(citing Liverman v. Payne–Hall, 486 S.W.3d 1, 5 (Tex. App.—El Paso 2015, no pet.)
T.S. Dudley’s motion contends, ―Plaintiff has improperly used his blatantly
baseless claims for age discrimination as a threat to blackmail Dudley into paying over
money to him and has attempted to interfere with Dudley’s business relationships.
Additionally, Plaintiff has abused the discovery process and is seeking information well
beyond the scope of discoverable material in a further attempt to alienate Dudley from its
clients and contractors. Plaintiff’s use of this action as a tool to blackmail Dudley and
seek information about individuals and entities that have nothing to do with his ADEA
claim constitute an improper use of process for an improper purpose.‖ As evidence to
support its motion, T.S. Dudley points to Haskett’s practice of naming clients as well as
the entities who failed to hire him, his wide, and often improper, discovery requests and
notices in this suit and others. T.S. Dudley contends that Haskett has ―improperly used
the Court’s processes to seek information about individuals and entities who are
completely unrelated to his claim for age discrimination against Defendant . . . .‖ T.S.
Dudley points out that, in this case, Haskett has even threatened to subpoena the EEOC
investigator assigned to his claim and that Haskett has an documented ―extensive
litigation history‖ in this and other courts.
In fact, T.S Dudley notes that at least one court now requires Haskett to seek its
permission before filing any lawsuits in that jurisdiction. See, e.g., Order Directing
Phillip David Haskett to File a Motion for Permission to Appear Pro Se for All Future
Cases in Which He Wishes to Appear as a Plaintiff in the Fourth Judicial District, The
Sarah D’ann Haskett Educational Trust v. Stevens, Case No. 09CV264, District Court for
El Paso County, Colorado, dated April 15, 2010 (finding Haskett had been involved in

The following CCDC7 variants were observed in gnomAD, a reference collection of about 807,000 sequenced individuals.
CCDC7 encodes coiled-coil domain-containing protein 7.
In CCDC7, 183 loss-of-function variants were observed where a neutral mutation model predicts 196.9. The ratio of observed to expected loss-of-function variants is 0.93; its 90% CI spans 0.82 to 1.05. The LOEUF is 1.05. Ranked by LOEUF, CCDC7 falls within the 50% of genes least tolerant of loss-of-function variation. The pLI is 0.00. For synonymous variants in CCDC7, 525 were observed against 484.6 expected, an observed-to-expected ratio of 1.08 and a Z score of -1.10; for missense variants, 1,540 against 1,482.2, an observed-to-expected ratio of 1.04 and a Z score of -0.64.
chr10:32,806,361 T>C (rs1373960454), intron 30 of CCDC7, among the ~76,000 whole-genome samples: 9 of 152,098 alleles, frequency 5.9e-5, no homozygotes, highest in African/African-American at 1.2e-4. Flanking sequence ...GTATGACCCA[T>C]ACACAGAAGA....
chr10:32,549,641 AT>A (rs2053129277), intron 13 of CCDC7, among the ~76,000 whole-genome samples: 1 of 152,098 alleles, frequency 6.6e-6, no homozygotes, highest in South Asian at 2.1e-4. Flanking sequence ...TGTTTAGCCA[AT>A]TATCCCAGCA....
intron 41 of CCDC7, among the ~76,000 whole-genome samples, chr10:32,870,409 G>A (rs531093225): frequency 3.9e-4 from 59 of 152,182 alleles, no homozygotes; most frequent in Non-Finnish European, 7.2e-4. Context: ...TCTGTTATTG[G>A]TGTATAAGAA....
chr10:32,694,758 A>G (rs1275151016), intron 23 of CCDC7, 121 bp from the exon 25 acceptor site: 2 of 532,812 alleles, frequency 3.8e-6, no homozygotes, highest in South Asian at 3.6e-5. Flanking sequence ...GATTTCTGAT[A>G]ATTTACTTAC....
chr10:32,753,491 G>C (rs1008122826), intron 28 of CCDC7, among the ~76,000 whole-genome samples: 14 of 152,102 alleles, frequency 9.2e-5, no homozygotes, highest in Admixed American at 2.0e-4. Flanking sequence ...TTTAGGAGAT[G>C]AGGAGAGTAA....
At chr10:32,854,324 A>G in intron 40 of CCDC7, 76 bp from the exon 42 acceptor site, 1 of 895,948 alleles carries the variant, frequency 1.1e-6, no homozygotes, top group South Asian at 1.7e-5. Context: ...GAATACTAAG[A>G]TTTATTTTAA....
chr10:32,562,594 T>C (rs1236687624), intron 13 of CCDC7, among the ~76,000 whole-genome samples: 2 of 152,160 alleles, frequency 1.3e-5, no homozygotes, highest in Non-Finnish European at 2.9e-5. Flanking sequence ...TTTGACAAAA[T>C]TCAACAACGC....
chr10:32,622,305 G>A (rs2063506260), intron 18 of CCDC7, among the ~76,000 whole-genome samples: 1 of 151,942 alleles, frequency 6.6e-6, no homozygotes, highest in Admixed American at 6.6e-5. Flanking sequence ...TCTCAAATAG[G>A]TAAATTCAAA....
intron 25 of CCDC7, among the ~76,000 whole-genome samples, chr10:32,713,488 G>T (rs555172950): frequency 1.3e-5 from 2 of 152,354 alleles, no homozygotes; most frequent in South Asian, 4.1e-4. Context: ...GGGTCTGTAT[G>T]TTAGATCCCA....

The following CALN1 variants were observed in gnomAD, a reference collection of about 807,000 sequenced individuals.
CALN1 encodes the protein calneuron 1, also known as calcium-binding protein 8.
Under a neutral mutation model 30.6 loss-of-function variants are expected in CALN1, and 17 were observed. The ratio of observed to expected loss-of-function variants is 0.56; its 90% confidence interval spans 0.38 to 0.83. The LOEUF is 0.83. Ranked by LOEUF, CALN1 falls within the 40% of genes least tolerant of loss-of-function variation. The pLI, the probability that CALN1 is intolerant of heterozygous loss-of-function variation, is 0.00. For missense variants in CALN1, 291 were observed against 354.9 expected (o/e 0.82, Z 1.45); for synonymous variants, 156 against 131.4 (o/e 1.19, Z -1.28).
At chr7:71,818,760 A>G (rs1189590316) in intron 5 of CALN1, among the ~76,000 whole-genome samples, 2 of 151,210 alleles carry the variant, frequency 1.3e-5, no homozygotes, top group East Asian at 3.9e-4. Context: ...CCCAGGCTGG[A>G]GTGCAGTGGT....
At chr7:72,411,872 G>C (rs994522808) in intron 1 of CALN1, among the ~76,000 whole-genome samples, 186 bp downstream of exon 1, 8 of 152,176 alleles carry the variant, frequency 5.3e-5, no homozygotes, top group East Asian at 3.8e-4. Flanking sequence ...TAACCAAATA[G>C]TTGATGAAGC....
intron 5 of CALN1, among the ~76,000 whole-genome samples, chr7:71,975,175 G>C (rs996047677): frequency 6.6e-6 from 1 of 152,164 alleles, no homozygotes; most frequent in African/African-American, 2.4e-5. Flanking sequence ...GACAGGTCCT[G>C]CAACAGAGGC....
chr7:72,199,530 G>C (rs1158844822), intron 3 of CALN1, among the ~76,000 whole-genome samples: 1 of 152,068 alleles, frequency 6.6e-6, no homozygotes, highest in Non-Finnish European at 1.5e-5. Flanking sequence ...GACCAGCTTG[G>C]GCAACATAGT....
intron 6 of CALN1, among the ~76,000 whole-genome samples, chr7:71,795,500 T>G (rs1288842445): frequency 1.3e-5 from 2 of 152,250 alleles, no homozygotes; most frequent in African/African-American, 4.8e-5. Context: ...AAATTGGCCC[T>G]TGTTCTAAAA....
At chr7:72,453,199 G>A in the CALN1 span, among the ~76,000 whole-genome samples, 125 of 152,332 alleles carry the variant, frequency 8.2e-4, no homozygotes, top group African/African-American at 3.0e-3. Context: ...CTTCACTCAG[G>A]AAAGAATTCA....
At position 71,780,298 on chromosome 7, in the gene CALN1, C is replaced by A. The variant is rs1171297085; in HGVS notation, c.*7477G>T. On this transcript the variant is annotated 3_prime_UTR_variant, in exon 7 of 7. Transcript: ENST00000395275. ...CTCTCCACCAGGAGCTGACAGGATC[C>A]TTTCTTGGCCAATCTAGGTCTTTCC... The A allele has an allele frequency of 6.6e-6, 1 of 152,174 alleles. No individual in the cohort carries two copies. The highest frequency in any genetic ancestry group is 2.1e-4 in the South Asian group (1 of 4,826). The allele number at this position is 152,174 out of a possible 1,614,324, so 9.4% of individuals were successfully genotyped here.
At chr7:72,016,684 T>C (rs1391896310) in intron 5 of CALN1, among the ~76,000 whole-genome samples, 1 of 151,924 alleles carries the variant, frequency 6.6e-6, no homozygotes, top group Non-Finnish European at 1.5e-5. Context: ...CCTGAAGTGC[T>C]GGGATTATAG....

more than 60 cases in the State of Colorado, had engaged in problematic behavior during
discovery and ―misused the legal system for the purposes of harassing and intimating his
adversary‖); Haskett v. Flanders, No. 13-CV-03392-RBJ-KLM, 2015 WL 5258848, at *2
(D. Colo. Sept. 10, 2015), aff’d, 654 F. App’x 379 (10th Cir. 2016) (finding ―Mr. Haskett
has a reputation for frivolous litigation‖ and that he is ―something of a bully‖ who
―engages in litigation as a hobby,‖ including bragging ―I invented the concept of phony
counterclaims as bargaining chips.‖).
Nonetheless, although these items might be said to paint a rather unflattering and
unpalatable picture of Haskett, they do not necessarily establish that there is no genuine
dispute of material fact as to Haskett’s intent with respect to this lawsuit. After
considering the relevant case law regarding abuse of process, and in light of the summary
judgment record before it, the Court finds that the summary judgment evidence presented
by T.S. Dudley fails to establish that it is entitled to summary judgment on its abuse of
process claim at this time.
Accordingly, the Court DENIES T.S. Dudley’s motion for summary judgment.
SIGNED at Galveston, Texas, this 21st day of September, 2017.
George C. Hanks Jr.
United States District Judge